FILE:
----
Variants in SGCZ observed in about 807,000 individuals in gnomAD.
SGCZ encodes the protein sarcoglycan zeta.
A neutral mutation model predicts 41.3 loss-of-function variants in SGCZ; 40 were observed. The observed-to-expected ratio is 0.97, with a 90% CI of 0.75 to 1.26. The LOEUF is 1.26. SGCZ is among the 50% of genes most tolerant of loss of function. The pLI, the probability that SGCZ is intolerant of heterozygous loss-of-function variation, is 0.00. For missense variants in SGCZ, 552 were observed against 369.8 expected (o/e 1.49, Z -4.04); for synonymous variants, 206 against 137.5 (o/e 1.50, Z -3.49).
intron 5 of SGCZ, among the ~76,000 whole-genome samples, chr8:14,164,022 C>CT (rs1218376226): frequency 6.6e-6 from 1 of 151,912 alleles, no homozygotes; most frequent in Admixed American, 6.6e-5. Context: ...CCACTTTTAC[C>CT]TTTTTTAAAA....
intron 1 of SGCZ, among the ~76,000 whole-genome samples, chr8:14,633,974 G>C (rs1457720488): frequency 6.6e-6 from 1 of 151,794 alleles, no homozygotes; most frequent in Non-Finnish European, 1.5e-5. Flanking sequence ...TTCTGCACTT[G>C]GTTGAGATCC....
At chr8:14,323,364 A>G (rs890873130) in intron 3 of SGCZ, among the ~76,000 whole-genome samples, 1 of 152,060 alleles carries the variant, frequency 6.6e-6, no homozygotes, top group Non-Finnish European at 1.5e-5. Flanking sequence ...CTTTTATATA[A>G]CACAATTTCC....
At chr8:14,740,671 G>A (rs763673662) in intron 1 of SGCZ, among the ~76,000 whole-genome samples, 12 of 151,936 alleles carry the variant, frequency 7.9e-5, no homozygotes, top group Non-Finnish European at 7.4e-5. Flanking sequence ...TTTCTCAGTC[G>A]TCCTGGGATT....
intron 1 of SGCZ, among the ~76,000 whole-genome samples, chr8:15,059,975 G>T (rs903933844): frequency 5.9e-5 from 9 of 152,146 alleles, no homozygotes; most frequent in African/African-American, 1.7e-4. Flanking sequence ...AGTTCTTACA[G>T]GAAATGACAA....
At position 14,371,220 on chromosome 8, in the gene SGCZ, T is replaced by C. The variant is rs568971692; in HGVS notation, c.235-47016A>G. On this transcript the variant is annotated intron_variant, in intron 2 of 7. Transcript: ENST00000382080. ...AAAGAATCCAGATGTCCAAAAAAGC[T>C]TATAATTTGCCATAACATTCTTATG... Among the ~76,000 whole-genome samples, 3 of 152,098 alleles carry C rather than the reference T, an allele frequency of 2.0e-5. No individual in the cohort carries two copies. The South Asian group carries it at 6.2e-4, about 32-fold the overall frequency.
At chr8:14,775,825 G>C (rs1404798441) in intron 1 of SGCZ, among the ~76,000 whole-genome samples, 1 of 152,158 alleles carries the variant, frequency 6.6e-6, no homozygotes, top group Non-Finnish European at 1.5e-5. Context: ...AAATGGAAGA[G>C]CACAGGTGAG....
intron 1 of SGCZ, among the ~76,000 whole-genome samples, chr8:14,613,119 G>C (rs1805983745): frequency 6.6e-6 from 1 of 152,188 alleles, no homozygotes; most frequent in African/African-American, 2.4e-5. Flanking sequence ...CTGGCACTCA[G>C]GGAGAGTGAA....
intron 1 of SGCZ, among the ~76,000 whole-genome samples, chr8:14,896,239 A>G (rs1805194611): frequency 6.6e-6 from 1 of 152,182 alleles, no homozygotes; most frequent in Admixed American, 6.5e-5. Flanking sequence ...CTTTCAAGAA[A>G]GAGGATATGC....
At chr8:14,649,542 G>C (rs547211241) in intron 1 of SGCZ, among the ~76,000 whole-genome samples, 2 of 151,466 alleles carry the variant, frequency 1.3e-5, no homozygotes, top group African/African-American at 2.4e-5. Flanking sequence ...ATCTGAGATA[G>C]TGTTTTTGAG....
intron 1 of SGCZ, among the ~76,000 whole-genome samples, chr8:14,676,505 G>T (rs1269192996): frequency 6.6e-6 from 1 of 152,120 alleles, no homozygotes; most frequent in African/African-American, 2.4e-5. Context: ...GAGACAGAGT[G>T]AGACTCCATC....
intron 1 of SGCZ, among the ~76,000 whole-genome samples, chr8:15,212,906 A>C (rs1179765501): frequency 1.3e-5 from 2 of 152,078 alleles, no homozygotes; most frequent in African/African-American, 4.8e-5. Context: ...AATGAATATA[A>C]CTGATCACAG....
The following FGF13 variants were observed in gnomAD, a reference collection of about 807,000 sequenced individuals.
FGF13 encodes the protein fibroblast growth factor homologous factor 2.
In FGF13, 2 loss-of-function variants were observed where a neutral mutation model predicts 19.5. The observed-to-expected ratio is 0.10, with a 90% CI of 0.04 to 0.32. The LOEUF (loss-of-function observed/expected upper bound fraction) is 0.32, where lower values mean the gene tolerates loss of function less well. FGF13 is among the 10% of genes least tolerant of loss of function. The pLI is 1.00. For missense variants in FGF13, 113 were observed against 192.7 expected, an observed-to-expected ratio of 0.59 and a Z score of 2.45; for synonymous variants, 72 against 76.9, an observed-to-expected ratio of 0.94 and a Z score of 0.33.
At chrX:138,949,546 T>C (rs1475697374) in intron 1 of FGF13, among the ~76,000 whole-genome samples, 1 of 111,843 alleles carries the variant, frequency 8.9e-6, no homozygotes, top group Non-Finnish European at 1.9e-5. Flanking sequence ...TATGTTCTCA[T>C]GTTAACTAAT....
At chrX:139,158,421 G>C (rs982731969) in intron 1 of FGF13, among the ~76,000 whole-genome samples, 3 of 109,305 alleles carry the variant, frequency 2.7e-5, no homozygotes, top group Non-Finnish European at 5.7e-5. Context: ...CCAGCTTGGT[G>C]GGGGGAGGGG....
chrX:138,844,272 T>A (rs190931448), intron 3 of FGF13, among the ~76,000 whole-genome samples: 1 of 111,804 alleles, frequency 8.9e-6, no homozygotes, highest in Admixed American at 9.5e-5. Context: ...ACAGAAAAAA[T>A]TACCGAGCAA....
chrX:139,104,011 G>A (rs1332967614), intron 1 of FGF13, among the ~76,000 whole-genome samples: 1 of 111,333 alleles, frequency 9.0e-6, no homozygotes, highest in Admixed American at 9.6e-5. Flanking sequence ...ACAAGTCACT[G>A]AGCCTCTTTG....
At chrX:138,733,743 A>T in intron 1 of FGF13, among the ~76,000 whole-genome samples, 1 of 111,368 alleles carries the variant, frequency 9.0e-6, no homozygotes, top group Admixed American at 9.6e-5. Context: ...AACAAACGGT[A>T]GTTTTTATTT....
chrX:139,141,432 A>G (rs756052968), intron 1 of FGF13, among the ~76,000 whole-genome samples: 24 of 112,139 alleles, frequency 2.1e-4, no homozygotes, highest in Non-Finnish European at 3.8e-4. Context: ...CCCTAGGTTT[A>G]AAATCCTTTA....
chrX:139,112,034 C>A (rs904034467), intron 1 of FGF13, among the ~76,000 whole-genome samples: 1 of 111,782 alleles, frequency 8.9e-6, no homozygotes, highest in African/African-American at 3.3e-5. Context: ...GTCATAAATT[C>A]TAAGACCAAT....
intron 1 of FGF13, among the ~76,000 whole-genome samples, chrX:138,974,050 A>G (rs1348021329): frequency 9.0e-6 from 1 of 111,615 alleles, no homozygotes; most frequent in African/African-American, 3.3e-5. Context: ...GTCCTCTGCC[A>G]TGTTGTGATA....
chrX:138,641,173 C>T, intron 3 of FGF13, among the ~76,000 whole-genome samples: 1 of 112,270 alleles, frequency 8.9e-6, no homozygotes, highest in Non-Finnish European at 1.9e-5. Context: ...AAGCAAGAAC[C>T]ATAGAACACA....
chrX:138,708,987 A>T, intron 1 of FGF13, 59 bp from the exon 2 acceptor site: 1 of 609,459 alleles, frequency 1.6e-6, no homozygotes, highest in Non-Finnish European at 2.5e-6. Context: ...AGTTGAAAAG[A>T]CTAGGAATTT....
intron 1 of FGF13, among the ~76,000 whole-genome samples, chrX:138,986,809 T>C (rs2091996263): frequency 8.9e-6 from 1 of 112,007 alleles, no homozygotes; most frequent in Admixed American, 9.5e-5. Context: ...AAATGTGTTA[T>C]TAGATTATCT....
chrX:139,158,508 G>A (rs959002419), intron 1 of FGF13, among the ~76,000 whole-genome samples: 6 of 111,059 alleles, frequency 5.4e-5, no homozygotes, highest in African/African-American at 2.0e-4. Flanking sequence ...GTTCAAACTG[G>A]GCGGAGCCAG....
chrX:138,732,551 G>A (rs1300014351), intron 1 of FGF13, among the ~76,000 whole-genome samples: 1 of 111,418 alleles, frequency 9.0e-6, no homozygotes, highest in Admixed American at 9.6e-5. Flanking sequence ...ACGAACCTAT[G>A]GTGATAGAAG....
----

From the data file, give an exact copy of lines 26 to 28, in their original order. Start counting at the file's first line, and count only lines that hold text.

intron 1 of FGF13, among the ~76,000 whole-genome samples, chrX:138,974,050 A>G (rs1348021329): frequency 9.0e-6 from 1 of 111,615 alleles, no homozygotes; most frequent in African/African-American, 3.3e-5. Context: ...GTCCTCTGCC[A>G]TGTTGTGATA....
chrX:138,641,173 C>T, intron 3 of FGF13, among the ~76,000 whole-genome samples: 1 of 112,270 alleles, frequency 8.9e-6, no homozygotes, highest in Non-Finnish European at 1.9e-5. Context: ...AAGCAAGAAC[C>T]ATAGAACACA....
chrX:138,708,987 A>T, intron 1 of FGF13, 59 bp from the exon 2 acceptor site: 1 of 609,459 alleles, frequency 1.6e-6, no homozygotes, highest in Non-Finnish European at 2.5e-6. Context: ...AGTTGAAAAG[A>T]CTAGGAATTT....